We all know the German stereotypes: efficient, focused, deliberate, perfectionist. It’s a cliche that many apply to the whole of German culture, including its entrepreneurs and companies, who often stand accused of lacking the creativity or riskiness that most people associate with startups.
But that stereotype may just be flat out wrong — at least according to Danae Ringelmann of crowdfunding platform Indiegogo.
I caught up with Ringelmann earlier this week in Belgium, and heard how the company has been putting a lot of effort into Germany recently, including partnering with Google to support the Gründer Garage competition in Berlin.
Why? Germany’s Indiegogo user base is “blowing up” she explained. It’s already one of the biggest countries on the site, and Indiegogo’s biggest non-English market full stop.
“They’re embracing it so much,” she said — and in doing so, the site’s German users are blowing away all the old jokes and assumptions.
“From the outside what you hear is that Germans follow the rules, they’re highly structured — these are all the stereotypes,” she said. “I kept looking at our data and it didn’t make sense why Germany was one of our top markets: if Germans are so structured and need to have everything perfect, well, crowdfunding is incredibly cavalier, sometimes it can feel like flying by the seat of your pants, it’s incredibly experimental.”
“I wouldn’t have necessarily expected Germans to have embraced it because of that stereotype. I’m still trying to figure it out, but… maybe it’s a load of bullshit.”
It’s not just a mindset that other people apply to Germany either, she pointed out. In fact, some of the most strict adherents to the idea of the stereotype are the Germans themselves.
“I was actually in Germany and a lot of people were saying ‘we’re so passive’. I think you need to stop believing yourself; I think that’s what is said, but that’s not what the data says.”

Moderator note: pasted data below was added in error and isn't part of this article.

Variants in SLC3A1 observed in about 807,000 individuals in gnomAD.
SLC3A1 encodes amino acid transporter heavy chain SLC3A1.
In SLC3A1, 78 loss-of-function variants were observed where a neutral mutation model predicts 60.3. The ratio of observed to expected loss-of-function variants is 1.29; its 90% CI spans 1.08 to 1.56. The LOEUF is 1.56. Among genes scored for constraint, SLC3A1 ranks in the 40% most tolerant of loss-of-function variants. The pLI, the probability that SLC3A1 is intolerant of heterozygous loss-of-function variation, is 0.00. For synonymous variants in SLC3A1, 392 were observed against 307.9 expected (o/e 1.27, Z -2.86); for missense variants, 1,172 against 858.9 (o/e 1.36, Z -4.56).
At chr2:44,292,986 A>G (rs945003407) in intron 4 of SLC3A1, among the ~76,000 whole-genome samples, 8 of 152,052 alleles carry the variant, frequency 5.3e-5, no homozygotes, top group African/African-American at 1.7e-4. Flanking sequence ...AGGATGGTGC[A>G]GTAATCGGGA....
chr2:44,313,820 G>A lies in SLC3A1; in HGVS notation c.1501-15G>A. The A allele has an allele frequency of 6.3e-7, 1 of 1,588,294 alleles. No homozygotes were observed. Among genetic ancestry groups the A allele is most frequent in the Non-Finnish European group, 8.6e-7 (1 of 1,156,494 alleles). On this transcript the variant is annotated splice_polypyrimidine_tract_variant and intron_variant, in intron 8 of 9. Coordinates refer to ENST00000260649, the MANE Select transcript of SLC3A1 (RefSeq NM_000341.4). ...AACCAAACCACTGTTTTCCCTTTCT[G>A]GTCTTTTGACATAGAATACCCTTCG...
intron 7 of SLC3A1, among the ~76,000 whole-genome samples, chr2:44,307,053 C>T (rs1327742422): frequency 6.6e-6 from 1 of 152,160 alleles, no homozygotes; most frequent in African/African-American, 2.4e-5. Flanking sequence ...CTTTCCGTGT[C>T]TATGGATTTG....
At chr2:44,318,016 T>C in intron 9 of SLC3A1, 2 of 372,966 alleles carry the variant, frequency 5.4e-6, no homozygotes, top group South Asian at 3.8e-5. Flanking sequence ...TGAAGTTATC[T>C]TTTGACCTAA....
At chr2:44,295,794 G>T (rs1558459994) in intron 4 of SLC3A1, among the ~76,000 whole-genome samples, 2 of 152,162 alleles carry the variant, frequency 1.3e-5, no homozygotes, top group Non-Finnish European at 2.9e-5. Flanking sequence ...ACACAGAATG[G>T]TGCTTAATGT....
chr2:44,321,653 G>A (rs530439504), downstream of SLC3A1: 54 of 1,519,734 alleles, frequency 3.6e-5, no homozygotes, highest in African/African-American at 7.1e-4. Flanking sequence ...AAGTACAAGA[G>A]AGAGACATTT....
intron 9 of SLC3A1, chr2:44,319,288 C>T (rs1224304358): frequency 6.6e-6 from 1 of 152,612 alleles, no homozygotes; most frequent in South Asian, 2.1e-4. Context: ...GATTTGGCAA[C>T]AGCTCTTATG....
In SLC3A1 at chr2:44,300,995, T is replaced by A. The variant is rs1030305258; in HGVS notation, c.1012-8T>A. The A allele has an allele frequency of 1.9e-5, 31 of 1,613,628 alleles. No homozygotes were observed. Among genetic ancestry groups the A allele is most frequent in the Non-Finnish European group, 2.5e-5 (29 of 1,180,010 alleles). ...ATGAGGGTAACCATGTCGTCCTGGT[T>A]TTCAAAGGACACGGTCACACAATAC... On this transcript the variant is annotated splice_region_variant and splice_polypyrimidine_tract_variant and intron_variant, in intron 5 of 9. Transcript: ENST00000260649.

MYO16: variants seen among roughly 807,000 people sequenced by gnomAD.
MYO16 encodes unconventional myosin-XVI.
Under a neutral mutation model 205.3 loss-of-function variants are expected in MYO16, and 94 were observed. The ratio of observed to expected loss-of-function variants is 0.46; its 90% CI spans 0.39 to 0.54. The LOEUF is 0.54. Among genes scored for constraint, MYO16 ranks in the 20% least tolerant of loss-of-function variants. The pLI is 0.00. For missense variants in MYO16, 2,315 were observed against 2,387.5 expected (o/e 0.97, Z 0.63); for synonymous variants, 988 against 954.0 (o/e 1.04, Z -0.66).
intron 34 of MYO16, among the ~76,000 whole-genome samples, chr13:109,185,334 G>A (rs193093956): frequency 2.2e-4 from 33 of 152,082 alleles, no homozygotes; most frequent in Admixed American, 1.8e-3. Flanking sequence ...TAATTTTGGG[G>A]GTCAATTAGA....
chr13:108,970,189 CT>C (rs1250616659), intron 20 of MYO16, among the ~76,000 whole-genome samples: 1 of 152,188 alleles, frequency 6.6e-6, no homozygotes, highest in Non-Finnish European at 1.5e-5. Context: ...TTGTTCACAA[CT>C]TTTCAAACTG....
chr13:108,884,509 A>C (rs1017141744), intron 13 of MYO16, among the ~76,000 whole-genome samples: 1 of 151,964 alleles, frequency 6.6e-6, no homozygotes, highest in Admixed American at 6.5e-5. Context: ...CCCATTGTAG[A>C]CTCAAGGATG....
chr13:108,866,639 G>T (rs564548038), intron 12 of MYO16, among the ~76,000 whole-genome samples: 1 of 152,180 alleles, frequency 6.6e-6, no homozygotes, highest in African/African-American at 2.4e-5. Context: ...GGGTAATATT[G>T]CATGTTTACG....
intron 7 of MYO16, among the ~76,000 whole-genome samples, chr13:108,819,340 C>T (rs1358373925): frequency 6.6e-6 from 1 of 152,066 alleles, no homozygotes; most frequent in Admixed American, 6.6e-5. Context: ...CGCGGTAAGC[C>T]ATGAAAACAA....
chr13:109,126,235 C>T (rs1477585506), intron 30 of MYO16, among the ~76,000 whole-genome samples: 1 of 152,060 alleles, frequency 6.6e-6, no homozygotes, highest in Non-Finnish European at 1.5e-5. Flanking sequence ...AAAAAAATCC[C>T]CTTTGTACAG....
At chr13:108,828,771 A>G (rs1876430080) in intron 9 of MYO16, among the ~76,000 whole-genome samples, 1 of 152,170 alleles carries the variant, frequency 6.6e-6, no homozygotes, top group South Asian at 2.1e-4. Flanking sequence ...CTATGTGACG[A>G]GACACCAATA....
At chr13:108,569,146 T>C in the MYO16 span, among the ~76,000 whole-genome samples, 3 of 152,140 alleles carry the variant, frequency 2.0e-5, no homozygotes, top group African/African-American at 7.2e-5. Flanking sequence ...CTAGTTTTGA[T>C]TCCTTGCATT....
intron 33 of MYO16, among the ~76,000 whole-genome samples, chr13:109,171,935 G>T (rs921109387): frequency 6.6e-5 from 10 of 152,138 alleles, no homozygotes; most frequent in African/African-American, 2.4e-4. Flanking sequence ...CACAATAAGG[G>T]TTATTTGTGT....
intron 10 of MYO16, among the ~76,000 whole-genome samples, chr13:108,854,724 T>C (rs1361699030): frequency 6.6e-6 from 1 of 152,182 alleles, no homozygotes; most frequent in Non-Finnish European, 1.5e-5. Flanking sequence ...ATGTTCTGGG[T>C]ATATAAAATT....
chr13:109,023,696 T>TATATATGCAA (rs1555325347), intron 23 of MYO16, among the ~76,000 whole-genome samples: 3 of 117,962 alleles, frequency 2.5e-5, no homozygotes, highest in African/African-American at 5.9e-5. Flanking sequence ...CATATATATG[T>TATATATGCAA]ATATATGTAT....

Germany is not alone, though, in its love for crowdfunding. It’s clearly a hot time in Europe for the market, with Kickstarter opening up to UK-based projects for the first time a couple of weeks ago. Indiegogo has long been an international platform, but it looks like the conflict between the two may step up as Kickstarter expands.
Ringelmann was keen to stress the differences between the two — for example Kickstarter, she said, took more of an editorial approach, while Indiegogo tried to use neutral algorithms to promote projects — but it seems fairly clear that the two sites are going to compete for some of the same attention, especially when Kickstarter is seeing a huge amount of growth.
But, she argued, Indiegogo’s data-focused approach can help it grow and stick to its core philosophy by building out more tools around relevancy, filtering and recommending projects to users.
“We have all the data scientists, we’ve built our data science team to figure all that stuff out,” she said. “And I think that’s the future.”
Whatever happens in the end, though, it is all a very long way from where things started — and Ringelmann seems genuinely happy to see the market as a whole grow, even if it is starting to generate the often-disliked sub-industry of specialist consultants.
“Five years ago I was grabbing anybody I could to say “this is possible, you can raise money online through social media means” and people were like ‘you’re crazy.’ But now everyone’s like ‘I’m a crowdfunding expert, let me tell you how to do it’,” she said.
“It’s good. The moment there’s ecosystems — ‘I’m a consultant who helps campaign raise money via crowdfunding’ or ‘I’m a consultant who consults to crowdfunding platforms’ — and when you get all these consultants around something, I think there’s clearly a market. It’s a little annoying, but it’s part of the whole thing because if they’re helping people learn how to do it, great.”